Classroom Posters - The Rules of Civil Conversation

When I taught civics learning to create sound, well-reasoned arguments and present them in a calm manner was a significant goal in every course. I always tried to remind them that they can disagree with another person's opinion without attacking the person. This was particularly tricky when my high school students hit upon issues that they had deeply held opinions about. It always helped to have some ground rules laid out before discussions began. To that end, the folks at School of Thought have recently released a new project called The Rules of Civil Conversation.The Rules of Civil Conversation is a website designed to help visitors better understand how to hold a civil conversation in the face of differing opinions. One of the resources on the site is a set of posters outlining eight rules of civil conversation. These posters can be downloaded for free and printed for display in your classroom. (There is also an option to buy printed versions). School of Thought also created the sites Your Logical Fallacy Is and Your Bias Is. I've previously featured those sites in my larger collection of resources to help students recognize logical fallacies and cognitive biases. Are you a tech coach or media specialist looking for some new ideas to share with your colleagues? If so, 50 Tech Tuesday Tips is an eBook you need. You can get it right here.

Classroom Posters - The Rules of Civil Conversation
When I taught civics learning to create sound, well-reasoned arguments and present them in a calm manner was a significant goal in every course. I always tried to remind them that they can disagree with another person's opinion without attacking the person. This was particularly tricky when my high school students hit upon issues that they had deeply held opinions about. It always helped to have some ground rules laid out before discussions began. To that end, the folks at School of Thought have recently released a new project called The Rules of Civil Conversation.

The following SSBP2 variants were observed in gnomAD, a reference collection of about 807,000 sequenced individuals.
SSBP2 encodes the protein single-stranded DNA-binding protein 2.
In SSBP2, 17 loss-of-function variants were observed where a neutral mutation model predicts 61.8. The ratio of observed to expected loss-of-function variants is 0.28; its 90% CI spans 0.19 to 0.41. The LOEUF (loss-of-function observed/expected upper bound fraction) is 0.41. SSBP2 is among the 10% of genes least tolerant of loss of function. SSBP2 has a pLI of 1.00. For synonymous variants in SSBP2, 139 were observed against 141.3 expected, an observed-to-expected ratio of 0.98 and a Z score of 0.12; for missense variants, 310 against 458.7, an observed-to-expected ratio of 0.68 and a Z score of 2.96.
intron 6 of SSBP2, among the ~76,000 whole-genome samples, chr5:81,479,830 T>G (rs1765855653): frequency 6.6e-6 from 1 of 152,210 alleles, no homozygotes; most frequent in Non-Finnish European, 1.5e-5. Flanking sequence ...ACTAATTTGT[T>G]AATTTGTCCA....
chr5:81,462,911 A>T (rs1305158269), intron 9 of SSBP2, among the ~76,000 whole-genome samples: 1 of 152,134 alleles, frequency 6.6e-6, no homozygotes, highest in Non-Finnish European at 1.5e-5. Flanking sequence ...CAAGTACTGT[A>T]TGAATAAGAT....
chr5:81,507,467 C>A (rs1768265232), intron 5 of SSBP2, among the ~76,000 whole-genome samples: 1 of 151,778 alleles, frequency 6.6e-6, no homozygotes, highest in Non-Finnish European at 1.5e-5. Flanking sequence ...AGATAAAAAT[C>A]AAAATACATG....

The Rules of Civil Conversation is a website designed to help visitors better understand how to hold a civil conversation in the face of differing opinions. One of the resources on the site is a set of posters outlining eight rules of civil conversation. These posters can be downloaded for free and printed for display in your classroom. (There is also an option to buy printed versions). 

School of Thought also created the sites Your Logical Fallacy Is and Your Bias Is. I've previously featured those sites in my larger collection of resources to help students recognize logical fallacies and cognitive biases